The 2017 MIT Sloan Symposium is right around the corner and I’ve been thinking more about the concept of digital transformation and the greater good. It’s been a recurring theme for me: last year, I argued that companies have a responsibility to consider the human factor as they undergo their digital transformations.
This year, my panel will tackle the tougher question of who owns technology in the organization today. It’s sure to be a healthy debate – and I look forward to weighing the subject with my esteemed panelists and sharing our perspectives in a future post.
In the meantime, there’s an integral piece to the puzzle that overlaps both the discussion of corporate conscience and the rightful ownership of technology: our constituents. I’m talking about shareholders, customers and employees. After all, good strategic technology decisions help organizations deliver on investment, meet customer expectations and create new career opportunities for employees – all part of the greater good.
There are several emerging trends that beg for no single person to be solely responsible for technology. But it depends. Look at the comparison of current market cap and vehicles sold between Ford and GM versus an outlier like Tesla. Now, I’m not an analyst and I don’t own shares of any of these companies, but at the same time, you must assume: the leaders at Ford and GM have to be comparing their profitability and market cap to Tesla as they consider their next strategic moves.
Autonomous cars? Clean cars? Shared cars? These are fundamental and profound technology decisions that these companies are making about their future business models. For example, I thought Ford was setting a new strategy when it proclaimed last year “We’re going to be a transportation company with fully autonomous vehicles by 2021.” GM, for its part, is now partnering with Lyft to release thousands of self-driving electric cars by 2018. Yet I wonder how much teeth these statements have? Are the strategies to support them fully articulate?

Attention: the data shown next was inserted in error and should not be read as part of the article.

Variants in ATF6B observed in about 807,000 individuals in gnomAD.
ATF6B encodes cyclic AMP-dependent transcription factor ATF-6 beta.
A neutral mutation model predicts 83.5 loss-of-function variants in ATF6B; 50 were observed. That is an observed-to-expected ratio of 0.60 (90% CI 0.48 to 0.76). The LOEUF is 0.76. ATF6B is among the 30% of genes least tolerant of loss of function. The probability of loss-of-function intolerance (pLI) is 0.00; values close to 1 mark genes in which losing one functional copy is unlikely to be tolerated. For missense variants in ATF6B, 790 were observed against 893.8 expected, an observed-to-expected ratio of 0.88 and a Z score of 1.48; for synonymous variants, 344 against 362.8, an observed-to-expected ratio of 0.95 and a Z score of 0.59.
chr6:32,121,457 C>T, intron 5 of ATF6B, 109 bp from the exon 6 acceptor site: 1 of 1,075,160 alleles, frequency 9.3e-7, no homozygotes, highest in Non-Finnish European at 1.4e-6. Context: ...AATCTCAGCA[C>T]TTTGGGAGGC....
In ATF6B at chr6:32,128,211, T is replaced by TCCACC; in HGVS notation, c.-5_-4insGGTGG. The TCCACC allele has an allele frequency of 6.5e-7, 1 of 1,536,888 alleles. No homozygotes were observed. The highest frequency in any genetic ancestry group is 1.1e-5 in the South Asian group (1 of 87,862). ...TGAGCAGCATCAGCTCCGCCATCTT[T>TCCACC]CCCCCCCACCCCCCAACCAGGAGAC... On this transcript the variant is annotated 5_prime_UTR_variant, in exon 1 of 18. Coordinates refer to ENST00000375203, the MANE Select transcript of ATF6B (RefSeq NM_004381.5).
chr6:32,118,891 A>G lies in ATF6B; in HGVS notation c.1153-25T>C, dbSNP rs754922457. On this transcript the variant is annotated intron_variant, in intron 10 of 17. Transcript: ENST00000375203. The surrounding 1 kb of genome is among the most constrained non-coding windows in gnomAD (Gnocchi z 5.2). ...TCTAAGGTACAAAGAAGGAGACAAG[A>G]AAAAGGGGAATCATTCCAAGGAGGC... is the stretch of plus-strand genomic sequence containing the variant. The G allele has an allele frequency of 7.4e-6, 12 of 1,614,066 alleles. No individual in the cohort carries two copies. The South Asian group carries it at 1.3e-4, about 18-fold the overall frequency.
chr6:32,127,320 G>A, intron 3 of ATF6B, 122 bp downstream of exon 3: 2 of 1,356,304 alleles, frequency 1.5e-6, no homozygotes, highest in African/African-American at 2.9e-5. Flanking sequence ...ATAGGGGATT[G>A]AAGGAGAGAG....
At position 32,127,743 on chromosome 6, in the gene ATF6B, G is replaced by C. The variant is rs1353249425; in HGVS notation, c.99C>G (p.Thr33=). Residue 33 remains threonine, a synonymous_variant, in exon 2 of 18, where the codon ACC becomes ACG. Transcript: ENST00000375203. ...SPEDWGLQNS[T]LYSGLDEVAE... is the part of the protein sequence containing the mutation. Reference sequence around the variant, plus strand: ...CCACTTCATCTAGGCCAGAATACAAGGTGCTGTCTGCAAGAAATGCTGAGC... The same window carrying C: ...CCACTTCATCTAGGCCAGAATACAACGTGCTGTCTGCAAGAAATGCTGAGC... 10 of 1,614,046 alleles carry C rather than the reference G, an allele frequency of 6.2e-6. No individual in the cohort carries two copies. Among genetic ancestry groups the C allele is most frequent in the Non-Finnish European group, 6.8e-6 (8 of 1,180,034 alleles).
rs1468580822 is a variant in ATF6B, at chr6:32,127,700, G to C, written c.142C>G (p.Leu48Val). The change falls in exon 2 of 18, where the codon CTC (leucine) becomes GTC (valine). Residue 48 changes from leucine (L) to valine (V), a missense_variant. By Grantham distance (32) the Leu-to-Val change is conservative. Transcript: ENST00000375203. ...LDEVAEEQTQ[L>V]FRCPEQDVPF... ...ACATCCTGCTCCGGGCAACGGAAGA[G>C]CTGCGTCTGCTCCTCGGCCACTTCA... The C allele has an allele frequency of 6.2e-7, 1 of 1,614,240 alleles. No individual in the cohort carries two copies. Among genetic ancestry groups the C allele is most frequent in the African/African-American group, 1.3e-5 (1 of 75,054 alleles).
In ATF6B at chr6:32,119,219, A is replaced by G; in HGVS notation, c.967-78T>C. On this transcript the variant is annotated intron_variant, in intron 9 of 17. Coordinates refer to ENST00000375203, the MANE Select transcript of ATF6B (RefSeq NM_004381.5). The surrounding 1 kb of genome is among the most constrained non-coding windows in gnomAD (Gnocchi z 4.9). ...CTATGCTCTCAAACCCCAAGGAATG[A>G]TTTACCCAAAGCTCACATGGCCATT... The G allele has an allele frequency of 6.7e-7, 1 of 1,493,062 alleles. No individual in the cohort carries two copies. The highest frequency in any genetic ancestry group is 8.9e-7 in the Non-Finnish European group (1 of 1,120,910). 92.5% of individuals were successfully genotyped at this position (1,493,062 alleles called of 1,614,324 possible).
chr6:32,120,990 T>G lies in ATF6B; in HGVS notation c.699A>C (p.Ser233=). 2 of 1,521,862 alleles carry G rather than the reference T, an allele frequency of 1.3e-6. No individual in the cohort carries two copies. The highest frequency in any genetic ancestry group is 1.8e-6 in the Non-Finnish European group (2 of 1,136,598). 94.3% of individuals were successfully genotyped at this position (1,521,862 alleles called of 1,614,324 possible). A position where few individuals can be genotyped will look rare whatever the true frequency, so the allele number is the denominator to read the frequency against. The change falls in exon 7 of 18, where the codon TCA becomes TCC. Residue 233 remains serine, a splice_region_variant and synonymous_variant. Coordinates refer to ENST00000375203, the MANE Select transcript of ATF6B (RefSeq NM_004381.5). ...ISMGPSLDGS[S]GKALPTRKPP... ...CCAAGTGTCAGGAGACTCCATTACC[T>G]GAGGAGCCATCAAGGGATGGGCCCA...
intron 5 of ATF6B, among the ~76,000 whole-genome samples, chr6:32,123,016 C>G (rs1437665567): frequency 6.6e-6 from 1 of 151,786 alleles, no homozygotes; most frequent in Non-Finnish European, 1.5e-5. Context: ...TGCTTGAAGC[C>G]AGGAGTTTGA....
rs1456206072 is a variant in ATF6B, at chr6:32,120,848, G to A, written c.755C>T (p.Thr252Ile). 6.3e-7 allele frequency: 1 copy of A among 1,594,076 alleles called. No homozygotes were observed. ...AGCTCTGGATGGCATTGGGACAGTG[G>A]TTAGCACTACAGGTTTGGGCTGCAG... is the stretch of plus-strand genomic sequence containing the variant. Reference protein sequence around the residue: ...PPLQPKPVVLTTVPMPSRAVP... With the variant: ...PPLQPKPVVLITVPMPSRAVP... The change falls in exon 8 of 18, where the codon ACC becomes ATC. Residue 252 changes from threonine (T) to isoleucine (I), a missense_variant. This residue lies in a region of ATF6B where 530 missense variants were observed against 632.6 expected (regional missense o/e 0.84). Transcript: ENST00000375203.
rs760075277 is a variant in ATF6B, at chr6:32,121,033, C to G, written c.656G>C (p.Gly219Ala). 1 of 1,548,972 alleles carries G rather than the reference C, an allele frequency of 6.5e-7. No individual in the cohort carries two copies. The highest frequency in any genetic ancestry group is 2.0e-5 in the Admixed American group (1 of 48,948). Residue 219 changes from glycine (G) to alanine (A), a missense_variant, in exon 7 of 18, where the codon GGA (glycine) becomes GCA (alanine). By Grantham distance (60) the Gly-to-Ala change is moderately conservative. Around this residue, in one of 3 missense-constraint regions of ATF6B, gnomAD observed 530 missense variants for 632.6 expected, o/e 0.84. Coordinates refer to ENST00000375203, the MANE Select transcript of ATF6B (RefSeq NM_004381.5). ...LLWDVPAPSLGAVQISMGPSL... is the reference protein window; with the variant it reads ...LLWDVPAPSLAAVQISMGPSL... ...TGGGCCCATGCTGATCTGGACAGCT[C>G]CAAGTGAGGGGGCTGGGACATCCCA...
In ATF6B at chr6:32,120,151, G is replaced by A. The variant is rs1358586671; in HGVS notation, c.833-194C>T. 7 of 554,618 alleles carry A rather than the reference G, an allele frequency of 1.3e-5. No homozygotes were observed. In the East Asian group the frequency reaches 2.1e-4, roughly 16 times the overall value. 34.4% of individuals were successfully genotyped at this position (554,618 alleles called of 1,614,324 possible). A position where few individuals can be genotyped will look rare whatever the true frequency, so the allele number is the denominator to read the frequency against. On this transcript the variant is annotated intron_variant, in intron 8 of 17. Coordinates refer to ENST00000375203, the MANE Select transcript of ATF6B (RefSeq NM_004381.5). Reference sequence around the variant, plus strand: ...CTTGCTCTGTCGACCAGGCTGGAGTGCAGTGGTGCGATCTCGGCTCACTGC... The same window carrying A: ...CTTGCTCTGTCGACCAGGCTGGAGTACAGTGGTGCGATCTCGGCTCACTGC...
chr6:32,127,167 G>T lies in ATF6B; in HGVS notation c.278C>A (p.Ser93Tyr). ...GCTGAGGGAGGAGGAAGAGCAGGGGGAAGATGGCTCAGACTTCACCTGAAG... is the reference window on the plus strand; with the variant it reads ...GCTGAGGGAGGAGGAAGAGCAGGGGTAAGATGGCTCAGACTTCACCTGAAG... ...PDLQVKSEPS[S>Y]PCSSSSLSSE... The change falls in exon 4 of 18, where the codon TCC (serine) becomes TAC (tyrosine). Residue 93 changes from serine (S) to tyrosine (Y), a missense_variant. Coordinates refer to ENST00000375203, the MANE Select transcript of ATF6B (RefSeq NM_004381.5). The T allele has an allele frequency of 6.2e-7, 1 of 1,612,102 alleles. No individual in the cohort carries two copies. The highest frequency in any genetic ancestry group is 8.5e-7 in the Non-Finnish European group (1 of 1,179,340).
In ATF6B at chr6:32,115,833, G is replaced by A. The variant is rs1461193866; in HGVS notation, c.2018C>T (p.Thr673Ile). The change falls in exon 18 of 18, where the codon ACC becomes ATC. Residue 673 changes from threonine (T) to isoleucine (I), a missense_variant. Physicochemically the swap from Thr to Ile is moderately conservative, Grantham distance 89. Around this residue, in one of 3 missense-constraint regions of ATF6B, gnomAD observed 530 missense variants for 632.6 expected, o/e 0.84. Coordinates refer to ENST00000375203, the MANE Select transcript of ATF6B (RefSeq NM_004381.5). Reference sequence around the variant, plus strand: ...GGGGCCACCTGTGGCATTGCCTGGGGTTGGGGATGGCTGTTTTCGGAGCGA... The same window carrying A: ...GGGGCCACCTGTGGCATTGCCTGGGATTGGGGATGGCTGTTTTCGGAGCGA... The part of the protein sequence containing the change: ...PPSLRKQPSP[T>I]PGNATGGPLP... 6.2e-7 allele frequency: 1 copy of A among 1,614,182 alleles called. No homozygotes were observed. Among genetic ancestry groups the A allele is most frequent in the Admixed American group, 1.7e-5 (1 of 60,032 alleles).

This is where we see the net of digital transformation widening. It’s about rethinking the entire organization and the fluidity of the workforce. Technology decisions do not just belong to the CTO or CIO – or even the CEO any longer. Technology decisions require shared accountability and shared goals – not siloed operations competing from separate divisions. Businesses can’t make the shift too quickly; the pursuit of the greater good isn’t just pie in the sky. Decisions around technology need to be made quickly or really good people (stakeholders, employees, consumers) can be hurt by other business models.
One of the things we at Level 3 see every day is companies on both ends of this spectrum: businesses working to adapt to their digital transformations and new companies born from new technologies, already on the edge of what’s possible. We work with companies, delivering secure products and innovative solutions no matter where on the continuum they currently reside. The ability to take an impartial view, to advise and consult on the digital evolution from the perspective of what works best for an organization, no matter the vintage of your IT, is one of our greatest differentiators.
Smart companies are figuring out how to transform their business models with technology. As with most technology shifts, we must measure the urge to move with speed against the need to do so deliberately. Successful digital transformation requires us to move fast enough to open up new career paths for the next generation, embrace new skillsets in the workforce and advance the gig economy. At the same time, we must ensure the efficiency and security of the business. The interests of our shareholders, customers and employees depend on it.
Read more in-depth insight from Anthony in the first of this series of articles on Digital Transformation and the Greater Good.